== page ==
Effectively convey the significance of voluntary benefits, while educating employees on your core employee offerings. Instead of sending mass communications or holding group meetings, for instance, conduct one-on-one sessions to more effectively clarify options and help employees make their selections.

Credit unions wishing to offer voluntary products should work with broker partners that bring salaried education and enrollment representatives, not commission-based independent contractors. The latter group may create a sales meeting environment featuring aggressive sales tactics, over-selling, and administrative errors.

After all, these should be educational sessions that inform and enhance the voluntary benefits experience.

MICHAEL J. EVERT is group benefits vendor development manager for CUNA Mutual Group. Contact him at 800-356-2644, ext. 6657957.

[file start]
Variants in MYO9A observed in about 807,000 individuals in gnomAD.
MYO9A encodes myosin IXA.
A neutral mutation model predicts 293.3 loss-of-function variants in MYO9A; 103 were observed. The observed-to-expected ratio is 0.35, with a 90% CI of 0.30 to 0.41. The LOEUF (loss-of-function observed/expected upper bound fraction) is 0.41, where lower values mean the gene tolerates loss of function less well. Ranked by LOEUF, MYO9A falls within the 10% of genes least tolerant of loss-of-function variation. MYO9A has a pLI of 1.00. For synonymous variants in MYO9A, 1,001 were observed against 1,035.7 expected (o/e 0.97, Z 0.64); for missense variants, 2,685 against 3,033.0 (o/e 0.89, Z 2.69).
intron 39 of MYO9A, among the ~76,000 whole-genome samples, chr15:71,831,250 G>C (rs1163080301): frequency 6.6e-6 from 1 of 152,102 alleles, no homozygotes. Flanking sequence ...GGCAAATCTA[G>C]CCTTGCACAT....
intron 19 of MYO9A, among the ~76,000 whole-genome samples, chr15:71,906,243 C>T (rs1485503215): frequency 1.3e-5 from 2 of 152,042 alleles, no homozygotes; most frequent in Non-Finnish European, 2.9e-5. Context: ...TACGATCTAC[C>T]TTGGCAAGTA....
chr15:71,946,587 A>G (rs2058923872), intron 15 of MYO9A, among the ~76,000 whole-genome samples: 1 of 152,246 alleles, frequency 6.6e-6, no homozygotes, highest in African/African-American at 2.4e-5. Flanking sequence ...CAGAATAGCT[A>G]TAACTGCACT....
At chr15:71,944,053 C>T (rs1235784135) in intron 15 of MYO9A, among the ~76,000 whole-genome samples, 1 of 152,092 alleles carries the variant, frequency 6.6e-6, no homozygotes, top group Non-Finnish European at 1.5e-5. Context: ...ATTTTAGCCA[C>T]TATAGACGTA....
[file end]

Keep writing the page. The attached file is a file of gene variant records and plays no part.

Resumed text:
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Great article! Unfortunately, most employees don’t feel valued or appreciated by their supervisors or employers. In fact, research has shown that the predominant reason team members quit their jobs is because they don’t feel valued. This is in spite of the fact that employee recognition programs have proliferated in the workplace – over 90% of all organizations in the U.S. has some form of employee recognition activities in place. But most employee recognition programs are viewed with skepticism and cynicism – because they aren’t viewed as being genuine in their communication of appreciation. Getting the “employee of the month” award, receiving a certificate of recognition, or a “Way to go, team!” email just don’t get the job done. How do you communicate authentic appreciation? We have found people have different ways that they want to be shown appreciation, and if you don’t communicate in the language of appreciation important to them, you essentially “miss the mark”. Additionally, employees need to receive recognition more than once a year at their performance review. Otherwise, they view the praise as “going through the motions”. A third component of authentic appreciation is that the communication has to be about them personally – not the department, not their group, but something they did. Finally, they have to believe that you mean what you say. How you treat them has to match the words you use. If you are not sure how your team members want to be shown appreciation, the Motivating By Appreciation Inventory (www.appreciationatwork.com/assess) will identify the language of appreciation and specific actions preferred by each employee. You then can create a group profile for your team, so everyone knows how to encourage one another. Remember, employees want to know that they are valued for what they contribute to the success of the organization. And communicating authentic appreciation in the ways they desire it can make the difference between keeping your quality team members or having a negative work environment that everyone wants to leave. Paul White, Ph.D., is the co-author of The 5 Languages of Appreciation in the Workplace with Dr. Gary Chapman.